To address this, the parties resolved that the Nigerian National Petroleum Corporation should expedite the rehabilitation of the nation’s four refineries located in Port Harcourt, Warri and Kaduna to achieve 50 per cent completion by December 2021, while timelines and delivery for Warri and Kaduna will be established by the inclusive steering committee.
“To ensure commitment and transparency to the processes and timelines of the rehabilitation exercise, the management of NNPC has offered to integrate the national leadership of the Nigeria Union of Petroleum and Natural Gas Workers and Petroleum and Natural Gas Senior Staff Association into the steering committee already established by the corporation,” the communique stated.
It added that a validation team comprising the representatives of the NNPC, Nigeria Extractive Industries Transparency Initiative, Infrastructure Concession Regulatory Commission, NUPENG and PENGASSAN would be established to monitor progress of the rehabilitation of the refineries and the pipelines/strategic depots network and advice the steering committee periodically.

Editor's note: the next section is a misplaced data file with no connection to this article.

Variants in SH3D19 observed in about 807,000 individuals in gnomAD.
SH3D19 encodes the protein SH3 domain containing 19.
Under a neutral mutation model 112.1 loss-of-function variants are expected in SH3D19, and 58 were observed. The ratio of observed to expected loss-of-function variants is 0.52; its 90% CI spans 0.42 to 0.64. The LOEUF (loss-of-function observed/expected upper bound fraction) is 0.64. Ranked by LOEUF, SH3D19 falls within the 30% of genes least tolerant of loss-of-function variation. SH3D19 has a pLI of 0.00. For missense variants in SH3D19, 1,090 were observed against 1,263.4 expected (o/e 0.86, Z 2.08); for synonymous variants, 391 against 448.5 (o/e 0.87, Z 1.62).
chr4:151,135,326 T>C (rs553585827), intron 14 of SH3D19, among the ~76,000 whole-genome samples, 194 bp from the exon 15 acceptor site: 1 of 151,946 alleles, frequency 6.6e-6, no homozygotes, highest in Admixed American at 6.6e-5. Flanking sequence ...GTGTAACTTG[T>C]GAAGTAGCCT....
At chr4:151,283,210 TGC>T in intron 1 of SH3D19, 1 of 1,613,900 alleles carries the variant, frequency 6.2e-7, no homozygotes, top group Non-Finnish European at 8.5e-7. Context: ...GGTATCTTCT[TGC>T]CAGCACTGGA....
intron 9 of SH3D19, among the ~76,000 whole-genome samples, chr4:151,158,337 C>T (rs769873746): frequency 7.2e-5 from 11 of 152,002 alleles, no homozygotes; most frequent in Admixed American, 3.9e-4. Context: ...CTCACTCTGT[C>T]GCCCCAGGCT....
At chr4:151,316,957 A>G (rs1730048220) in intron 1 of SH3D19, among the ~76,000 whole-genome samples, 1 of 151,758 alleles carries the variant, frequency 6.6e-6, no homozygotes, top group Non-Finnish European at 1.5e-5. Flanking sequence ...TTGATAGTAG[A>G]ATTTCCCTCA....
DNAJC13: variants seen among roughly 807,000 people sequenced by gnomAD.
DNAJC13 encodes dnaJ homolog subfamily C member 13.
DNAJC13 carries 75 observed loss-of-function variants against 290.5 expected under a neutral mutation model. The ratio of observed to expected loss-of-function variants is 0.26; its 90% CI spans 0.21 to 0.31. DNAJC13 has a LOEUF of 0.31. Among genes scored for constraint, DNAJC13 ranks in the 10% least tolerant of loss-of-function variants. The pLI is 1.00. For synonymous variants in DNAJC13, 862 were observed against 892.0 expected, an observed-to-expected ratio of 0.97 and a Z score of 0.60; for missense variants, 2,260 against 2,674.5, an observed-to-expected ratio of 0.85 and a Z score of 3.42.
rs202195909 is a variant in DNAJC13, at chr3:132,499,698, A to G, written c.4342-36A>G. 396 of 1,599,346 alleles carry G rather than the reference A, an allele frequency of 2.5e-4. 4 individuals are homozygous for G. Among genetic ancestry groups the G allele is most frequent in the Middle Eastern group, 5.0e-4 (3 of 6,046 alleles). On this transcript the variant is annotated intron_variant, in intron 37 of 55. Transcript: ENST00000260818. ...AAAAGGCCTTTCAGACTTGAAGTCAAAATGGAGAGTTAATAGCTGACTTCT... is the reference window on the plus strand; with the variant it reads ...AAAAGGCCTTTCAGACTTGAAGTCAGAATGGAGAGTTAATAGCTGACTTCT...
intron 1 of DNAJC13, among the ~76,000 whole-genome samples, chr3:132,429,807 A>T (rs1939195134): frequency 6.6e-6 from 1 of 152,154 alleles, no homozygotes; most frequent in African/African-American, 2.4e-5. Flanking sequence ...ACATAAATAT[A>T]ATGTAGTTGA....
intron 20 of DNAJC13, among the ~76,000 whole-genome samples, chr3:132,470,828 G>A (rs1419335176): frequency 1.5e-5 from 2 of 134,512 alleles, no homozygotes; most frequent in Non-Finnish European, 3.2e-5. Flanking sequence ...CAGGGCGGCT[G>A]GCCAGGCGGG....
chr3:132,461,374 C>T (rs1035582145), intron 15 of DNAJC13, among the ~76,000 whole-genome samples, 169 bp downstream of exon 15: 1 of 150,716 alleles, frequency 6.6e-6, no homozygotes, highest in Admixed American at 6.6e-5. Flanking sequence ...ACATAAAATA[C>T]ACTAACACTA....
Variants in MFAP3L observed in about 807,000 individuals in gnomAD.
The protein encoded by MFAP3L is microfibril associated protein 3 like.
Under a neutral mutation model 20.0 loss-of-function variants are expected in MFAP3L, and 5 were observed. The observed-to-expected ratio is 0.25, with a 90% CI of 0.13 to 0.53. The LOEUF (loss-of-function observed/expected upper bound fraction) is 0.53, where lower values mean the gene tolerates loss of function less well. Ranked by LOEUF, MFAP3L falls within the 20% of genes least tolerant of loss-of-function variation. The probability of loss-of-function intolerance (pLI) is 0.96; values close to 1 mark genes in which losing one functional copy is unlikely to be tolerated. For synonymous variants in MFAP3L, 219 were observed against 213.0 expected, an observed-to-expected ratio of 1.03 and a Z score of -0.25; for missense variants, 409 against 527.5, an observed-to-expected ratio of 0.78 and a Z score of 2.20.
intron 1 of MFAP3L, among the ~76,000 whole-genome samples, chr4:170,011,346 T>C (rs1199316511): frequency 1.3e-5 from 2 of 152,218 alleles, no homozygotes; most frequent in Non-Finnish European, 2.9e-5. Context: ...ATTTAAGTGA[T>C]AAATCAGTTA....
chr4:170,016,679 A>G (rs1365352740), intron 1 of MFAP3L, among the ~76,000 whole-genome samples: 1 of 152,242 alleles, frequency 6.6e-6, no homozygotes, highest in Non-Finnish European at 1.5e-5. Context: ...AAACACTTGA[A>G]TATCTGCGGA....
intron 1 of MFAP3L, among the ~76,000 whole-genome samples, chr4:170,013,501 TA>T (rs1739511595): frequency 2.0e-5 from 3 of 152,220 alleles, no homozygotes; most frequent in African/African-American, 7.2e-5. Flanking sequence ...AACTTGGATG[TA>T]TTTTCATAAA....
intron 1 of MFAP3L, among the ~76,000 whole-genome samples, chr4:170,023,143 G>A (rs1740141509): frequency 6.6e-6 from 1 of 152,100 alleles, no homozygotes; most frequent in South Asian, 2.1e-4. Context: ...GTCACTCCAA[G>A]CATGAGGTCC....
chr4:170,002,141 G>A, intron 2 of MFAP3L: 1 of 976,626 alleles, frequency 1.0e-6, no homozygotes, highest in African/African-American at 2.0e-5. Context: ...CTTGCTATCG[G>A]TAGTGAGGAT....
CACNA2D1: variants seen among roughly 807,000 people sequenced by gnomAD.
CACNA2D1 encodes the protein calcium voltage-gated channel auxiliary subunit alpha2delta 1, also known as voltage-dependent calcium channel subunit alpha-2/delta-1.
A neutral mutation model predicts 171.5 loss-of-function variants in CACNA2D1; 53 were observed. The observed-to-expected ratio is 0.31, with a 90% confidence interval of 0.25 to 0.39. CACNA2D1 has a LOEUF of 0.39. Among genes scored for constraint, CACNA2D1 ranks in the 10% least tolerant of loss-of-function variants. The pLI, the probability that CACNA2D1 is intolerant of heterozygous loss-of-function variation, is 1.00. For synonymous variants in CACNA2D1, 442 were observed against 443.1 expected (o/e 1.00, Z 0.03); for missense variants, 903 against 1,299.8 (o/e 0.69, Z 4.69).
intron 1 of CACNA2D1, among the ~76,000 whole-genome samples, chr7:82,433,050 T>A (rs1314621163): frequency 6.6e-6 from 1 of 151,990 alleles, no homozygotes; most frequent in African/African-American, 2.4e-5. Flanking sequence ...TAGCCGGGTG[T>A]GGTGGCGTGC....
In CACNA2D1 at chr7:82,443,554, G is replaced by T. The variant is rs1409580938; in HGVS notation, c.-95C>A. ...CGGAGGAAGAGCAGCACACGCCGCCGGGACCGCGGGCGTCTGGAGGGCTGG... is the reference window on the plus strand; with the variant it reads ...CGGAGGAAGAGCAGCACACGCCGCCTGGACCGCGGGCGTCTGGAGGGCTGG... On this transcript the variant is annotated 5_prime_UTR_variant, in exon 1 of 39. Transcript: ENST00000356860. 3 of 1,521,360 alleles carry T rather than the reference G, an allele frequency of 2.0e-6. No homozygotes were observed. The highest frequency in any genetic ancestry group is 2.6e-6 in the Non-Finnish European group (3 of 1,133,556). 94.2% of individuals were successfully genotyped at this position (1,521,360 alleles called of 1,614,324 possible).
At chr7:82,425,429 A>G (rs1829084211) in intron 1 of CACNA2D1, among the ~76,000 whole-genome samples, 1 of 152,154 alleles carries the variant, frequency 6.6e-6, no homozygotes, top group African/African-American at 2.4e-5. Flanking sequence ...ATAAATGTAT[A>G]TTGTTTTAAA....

It also said that post-rehabilitation, NNPC shall involve the PENGASSAN and NUPENG in the process of establishing the operational model of the nation’s refineries.
The statement added, “The Federal Government will facilitate the delivery of licensed modular and regular refineries, involvement of upstream companies in petroleum refining and establishing framework for financing in the downstream sector.
“NNPC to expedite work on the Build, Operate and Transfer framework for the nation’s pipelines and strategic depots network for efficient transportation and distribution of petroleum products to match the delivery timelines of the refineries as agreed.”
The government and its agencies agreed to ensure delivery of 1 million CNG/LPG AutoGas conversion kits, storage skids and dispensing units under the Nigeria Gas Expansion Programme by December 2021 to enable delivery of cheaper transportation and power fuel.